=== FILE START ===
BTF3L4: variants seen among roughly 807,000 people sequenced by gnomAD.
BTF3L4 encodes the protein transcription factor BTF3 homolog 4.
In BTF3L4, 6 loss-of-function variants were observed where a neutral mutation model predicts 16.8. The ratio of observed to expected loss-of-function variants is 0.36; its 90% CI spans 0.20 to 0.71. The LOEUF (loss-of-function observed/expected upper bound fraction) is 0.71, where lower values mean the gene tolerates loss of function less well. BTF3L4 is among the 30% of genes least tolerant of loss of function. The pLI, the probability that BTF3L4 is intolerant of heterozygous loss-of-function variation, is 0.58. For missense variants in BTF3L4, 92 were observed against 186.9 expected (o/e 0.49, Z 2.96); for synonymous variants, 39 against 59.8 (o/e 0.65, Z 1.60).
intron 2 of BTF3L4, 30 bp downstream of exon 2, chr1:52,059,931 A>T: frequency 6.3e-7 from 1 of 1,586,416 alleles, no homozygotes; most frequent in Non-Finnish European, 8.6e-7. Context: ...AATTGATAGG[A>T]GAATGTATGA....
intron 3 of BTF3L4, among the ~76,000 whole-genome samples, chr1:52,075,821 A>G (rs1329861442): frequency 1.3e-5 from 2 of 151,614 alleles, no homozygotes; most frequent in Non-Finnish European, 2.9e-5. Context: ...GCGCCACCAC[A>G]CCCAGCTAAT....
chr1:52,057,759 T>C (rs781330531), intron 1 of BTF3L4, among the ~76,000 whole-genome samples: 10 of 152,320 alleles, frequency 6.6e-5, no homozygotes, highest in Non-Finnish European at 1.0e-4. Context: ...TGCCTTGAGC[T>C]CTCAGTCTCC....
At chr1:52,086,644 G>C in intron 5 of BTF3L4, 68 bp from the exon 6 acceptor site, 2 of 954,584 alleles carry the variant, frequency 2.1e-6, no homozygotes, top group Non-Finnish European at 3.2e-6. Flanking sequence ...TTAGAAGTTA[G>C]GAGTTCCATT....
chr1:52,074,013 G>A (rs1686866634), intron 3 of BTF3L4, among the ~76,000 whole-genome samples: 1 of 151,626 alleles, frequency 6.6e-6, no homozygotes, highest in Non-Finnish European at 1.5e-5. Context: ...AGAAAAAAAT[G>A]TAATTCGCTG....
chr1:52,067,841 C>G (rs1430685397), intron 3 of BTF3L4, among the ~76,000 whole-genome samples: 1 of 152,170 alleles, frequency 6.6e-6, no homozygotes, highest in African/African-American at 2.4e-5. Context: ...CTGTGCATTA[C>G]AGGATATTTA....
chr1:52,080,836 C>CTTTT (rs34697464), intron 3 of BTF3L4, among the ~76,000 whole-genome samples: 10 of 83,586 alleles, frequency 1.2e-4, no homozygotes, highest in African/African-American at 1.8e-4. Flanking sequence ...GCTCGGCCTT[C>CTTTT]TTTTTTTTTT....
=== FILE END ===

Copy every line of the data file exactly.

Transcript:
BTF3L4: variants seen among roughly 807,000 people sequenced by gnomAD.
BTF3L4 encodes the protein transcription factor BTF3 homolog 4.
In BTF3L4, 6 loss-of-function variants were observed where a neutral mutation model predicts 16.8. The ratio of observed to expected loss-of-function variants is 0.36; its 90% CI spans 0.20 to 0.71. The LOEUF (loss-of-function observed/expected upper bound fraction) is 0.71, where lower values mean the gene tolerates loss of function less well. BTF3L4 is among the 30% of genes least tolerant of loss of function. The pLI, the probability that BTF3L4 is intolerant of heterozygous loss-of-function variation, is 0.58. For missense variants in BTF3L4, 92 were observed against 186.9 expected (o/e 0.49, Z 2.96); for synonymous variants, 39 against 59.8 (o/e 0.65, Z 1.60).
intron 2 of BTF3L4, 30 bp downstream of exon 2, chr1:52,059,931 A>T: frequency 6.3e-7 from 1 of 1,586,416 alleles, no homozygotes; most frequent in Non-Finnish European, 8.6e-7. Context: ...AATTGATAGG[A>T]GAATGTATGA....
intron 3 of BTF3L4, among the ~76,000 whole-genome samples, chr1:52,075,821 A>G (rs1329861442): frequency 1.3e-5 from 2 of 151,614 alleles, no homozygotes; most frequent in Non-Finnish European, 2.9e-5. Context: ...GCGCCACCAC[A>G]CCCAGCTAAT....
chr1:52,057,759 T>C (rs781330531), intron 1 of BTF3L4, among the ~76,000 whole-genome samples: 10 of 152,320 alleles, frequency 6.6e-5, no homozygotes, highest in Non-Finnish European at 1.0e-4. Context: ...TGCCTTGAGC[T>C]CTCAGTCTCC....
At chr1:52,086,644 G>C in intron 5 of BTF3L4, 68 bp from the exon 6 acceptor site, 2 of 954,584 alleles carry the variant, frequency 2.1e-6, no homozygotes, top group Non-Finnish European at 3.2e-6. Flanking sequence ...TTAGAAGTTA[G>C]GAGTTCCATT....
chr1:52,074,013 G>A (rs1686866634), intron 3 of BTF3L4, among the ~76,000 whole-genome samples: 1 of 151,626 alleles, frequency 6.6e-6, no homozygotes, highest in Non-Finnish European at 1.5e-5. Context: ...AGAAAAAAAT[G>A]TAATTCGCTG....
chr1:52,067,841 C>G (rs1430685397), intron 3 of BTF3L4, among the ~76,000 whole-genome samples: 1 of 152,170 alleles, frequency 6.6e-6, no homozygotes, highest in African/African-American at 2.4e-5. Context: ...CTGTGCATTA[C>G]AGGATATTTA....
chr1:52,080,836 C>CTTTT (rs34697464), intron 3 of BTF3L4, among the ~76,000 whole-genome samples: 10 of 83,586 alleles, frequency 1.2e-4, no homozygotes, highest in African/African-American at 1.8e-4. Flanking sequence ...GCTCGGCCTT[C>CTTTT]TTTTTTTTTT....